Notice that I have not suggested planting our beloved roses. In Collin County, it is known that we have one of the highest incidents of the Rose Rosette disease. It is highly contagious and deadly to roses of all types and there is no cure to apply to a rose if it has contracted the disease. It must be removed as quickly as possible and put in a plastic bag to keep the viral mite from spreading. Personally, I have had to dig up fifteen roses in my garden that contracted Rose Rosette. That was a sad day for me! Texas A&M is at work on developing stronger roses that are resistant to the Rose Rosette, and I hope they are successful soon.
Bulbs are another wonderful option to plant in the fall and winter months. Who can resist the bright, cheery yellow of the daffodils waving in the breeze in the springtime? Daffodils do not require chilling before planting, as tulips and hyacinths do in our region. Chilling periods for tulips and hyacinths require sixty days of refrigeration before planting, and they seldom successfully repeat bloom next year. There are several different bloom times for daffodils to have a longer blooming season. Look for early, mid and late blooming varieties to extend your enjoyment of these perky plants from March to April.
Projects for the fall and winter do not cease totally for gardeners but are worth the time to do them. Division of some of your garden plants may be necessary. If your daylilies and irises are not blooming as well as in the past, they probably are in need of dividing. Plant them in other pockets of your garden or share with friends. Peonies do not like to be bothered much, but occasionally need to be divided and moved. Fall is a good time to do this also, as it will give them time to adjust to their new location. Fertilize and water them and they will reward you with fluffy blooms in the following spring. Be sure to plant peonies with the top section close to the surface. In early spring, they will produce red pips that appear above the soil, which means bloom time is coming. Daylilies and irises need to be planted rather shallow and covered with an inch of soil. They like to have good drainage and to be in sunny to shady locations to bloom in early summer.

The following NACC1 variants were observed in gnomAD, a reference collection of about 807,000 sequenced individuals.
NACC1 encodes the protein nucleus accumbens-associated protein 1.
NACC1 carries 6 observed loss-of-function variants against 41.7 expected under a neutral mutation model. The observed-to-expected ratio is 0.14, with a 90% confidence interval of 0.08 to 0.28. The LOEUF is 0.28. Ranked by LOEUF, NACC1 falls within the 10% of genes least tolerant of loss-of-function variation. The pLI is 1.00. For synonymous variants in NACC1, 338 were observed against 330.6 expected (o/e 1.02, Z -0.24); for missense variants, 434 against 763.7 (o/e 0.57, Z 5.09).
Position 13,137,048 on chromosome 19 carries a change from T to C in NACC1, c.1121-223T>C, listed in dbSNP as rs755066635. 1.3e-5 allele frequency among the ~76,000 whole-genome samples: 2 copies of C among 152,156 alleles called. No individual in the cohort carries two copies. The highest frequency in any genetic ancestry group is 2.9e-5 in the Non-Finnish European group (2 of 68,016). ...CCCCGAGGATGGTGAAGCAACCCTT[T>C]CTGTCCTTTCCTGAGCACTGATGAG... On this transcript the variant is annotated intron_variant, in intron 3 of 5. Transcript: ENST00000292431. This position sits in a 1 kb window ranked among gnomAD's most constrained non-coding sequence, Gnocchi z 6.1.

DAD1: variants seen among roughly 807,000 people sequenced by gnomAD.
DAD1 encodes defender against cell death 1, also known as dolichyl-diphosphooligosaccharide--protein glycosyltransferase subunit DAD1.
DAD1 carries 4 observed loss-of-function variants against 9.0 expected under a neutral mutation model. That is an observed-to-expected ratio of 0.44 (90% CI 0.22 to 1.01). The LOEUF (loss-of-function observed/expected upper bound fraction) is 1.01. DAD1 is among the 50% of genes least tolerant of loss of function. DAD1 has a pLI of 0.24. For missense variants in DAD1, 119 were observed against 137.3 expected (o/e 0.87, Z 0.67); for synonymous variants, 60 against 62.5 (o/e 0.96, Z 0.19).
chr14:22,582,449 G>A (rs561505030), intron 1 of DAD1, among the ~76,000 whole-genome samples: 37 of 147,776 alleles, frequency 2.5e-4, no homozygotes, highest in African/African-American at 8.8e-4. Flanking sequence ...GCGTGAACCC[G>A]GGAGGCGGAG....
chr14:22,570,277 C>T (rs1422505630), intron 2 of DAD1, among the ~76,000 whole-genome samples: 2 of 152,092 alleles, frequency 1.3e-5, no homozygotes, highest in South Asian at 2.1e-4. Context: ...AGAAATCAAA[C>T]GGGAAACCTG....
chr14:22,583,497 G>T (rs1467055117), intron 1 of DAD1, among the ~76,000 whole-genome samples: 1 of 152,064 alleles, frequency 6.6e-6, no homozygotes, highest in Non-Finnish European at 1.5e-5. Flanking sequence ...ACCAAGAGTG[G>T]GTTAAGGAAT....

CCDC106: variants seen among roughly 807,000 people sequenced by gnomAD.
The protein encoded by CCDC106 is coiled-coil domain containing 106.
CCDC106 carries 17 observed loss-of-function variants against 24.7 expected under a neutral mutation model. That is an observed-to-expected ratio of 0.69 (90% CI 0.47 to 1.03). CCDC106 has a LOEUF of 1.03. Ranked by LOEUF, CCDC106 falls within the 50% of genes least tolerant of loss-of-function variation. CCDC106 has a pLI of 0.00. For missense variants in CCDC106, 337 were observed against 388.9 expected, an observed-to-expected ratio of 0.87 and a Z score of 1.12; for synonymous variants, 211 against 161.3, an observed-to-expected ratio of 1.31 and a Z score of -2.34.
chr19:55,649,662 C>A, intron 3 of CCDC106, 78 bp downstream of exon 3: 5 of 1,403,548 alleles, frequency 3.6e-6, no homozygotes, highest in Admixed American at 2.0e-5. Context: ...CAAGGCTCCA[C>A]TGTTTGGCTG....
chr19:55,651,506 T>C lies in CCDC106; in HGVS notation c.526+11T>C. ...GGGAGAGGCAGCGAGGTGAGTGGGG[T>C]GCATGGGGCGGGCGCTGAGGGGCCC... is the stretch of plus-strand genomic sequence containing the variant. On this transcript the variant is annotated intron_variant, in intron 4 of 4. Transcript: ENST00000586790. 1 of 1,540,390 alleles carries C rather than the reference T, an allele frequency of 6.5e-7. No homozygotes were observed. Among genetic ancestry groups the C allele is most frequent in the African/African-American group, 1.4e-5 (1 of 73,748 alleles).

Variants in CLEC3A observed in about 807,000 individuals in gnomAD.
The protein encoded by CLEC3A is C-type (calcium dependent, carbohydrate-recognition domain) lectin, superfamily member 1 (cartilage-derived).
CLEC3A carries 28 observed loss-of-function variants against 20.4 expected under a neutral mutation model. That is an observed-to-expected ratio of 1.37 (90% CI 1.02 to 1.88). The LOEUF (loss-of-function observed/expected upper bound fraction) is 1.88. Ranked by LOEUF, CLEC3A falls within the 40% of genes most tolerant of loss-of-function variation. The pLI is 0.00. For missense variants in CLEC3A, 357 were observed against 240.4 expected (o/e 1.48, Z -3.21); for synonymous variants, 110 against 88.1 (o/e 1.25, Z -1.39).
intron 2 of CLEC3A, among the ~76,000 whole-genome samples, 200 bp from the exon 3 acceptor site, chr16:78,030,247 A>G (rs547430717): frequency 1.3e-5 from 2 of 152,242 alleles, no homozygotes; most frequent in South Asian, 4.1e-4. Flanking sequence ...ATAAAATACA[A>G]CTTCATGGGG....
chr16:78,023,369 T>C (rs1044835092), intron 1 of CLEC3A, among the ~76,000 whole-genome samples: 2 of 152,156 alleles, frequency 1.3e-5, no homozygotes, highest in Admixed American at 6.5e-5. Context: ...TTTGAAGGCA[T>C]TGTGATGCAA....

"To everything there is a season, a time for every purpose under heaven. A time to plant, and a time to pluck what is planted." (Ecclesiastes 3:1, 2b) Our end is here for now, until another season.
Happy Fall Gardening and remember:
"When heaven falls to earth,
it becomes a garden."
Written by: Lynda Irby
Published on Tuesday, October 13, 2020 @ 5:14 AM CDT
Thank you. I hope to read and read this wonderful article. So well written and great info to which I will return.
Posted on Mon, Oct 19, 2020 @ 9:55 PM CST